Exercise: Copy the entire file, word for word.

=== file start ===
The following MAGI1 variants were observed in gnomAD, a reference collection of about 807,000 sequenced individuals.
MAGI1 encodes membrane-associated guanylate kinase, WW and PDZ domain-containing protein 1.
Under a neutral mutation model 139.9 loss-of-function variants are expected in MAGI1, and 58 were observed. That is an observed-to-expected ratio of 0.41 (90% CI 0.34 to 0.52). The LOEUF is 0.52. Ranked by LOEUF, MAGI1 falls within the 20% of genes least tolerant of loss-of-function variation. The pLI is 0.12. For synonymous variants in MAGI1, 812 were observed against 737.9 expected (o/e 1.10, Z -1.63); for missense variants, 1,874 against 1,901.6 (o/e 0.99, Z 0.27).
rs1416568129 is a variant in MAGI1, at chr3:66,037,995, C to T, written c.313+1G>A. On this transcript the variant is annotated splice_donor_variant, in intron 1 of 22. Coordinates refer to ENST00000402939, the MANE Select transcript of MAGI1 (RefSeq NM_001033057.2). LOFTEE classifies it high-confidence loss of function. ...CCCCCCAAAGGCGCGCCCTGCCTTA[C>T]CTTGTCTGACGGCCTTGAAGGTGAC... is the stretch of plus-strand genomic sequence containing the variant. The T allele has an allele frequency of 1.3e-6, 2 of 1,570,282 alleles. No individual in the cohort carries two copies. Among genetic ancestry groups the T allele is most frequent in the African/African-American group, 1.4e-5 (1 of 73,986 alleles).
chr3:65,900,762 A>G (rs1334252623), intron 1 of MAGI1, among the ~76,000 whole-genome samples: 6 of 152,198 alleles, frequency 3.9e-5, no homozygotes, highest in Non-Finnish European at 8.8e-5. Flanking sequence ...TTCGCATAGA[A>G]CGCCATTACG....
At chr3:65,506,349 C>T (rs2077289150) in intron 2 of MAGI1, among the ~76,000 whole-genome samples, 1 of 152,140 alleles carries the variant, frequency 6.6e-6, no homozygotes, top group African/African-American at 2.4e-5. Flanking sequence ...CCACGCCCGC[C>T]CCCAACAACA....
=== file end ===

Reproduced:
The following MAGI1 variants were observed in gnomAD, a reference collection of about 807,000 sequenced individuals.
MAGI1 encodes membrane-associated guanylate kinase, WW and PDZ domain-containing protein 1.
Under a neutral mutation model 139.9 loss-of-function variants are expected in MAGI1, and 58 were observed. That is an observed-to-expected ratio of 0.41 (90% CI 0.34 to 0.52). The LOEUF is 0.52. Ranked by LOEUF, MAGI1 falls within the 20% of genes least tolerant of loss-of-function variation. The pLI is 0.12. For synonymous variants in MAGI1, 812 were observed against 737.9 expected (o/e 1.10, Z -1.63); for missense variants, 1,874 against 1,901.6 (o/e 0.99, Z 0.27).
rs1416568129 is a variant in MAGI1, at chr3:66,037,995, C to T, written c.313+1G>A. On this transcript the variant is annotated splice_donor_variant, in intron 1 of 22. Coordinates refer to ENST00000402939, the MANE Select transcript of MAGI1 (RefSeq NM_001033057.2). LOFTEE classifies it high-confidence loss of function. ...CCCCCCAAAGGCGCGCCCTGCCTTA[C>T]CTTGTCTGACGGCCTTGAAGGTGAC... is the stretch of plus-strand genomic sequence containing the variant. The T allele has an allele frequency of 1.3e-6, 2 of 1,570,282 alleles. No individual in the cohort carries two copies. Among genetic ancestry groups the T allele is most frequent in the African/African-American group, 1.4e-5 (1 of 73,986 alleles).
chr3:65,900,762 A>G (rs1334252623), intron 1 of MAGI1, among the ~76,000 whole-genome samples: 6 of 152,198 alleles, frequency 3.9e-5, no homozygotes, highest in Non-Finnish European at 8.8e-5. Flanking sequence ...TTCGCATAGA[A>G]CGCCATTACG....
At chr3:65,506,349 C>T (rs2077289150) in intron 2 of MAGI1, among the ~76,000 whole-genome samples, 1 of 152,140 alleles carries the variant, frequency 6.6e-6, no homozygotes, top group African/African-American at 2.4e-5. Flanking sequence ...CCACGCCCGC[C>T]CCCAACAACA....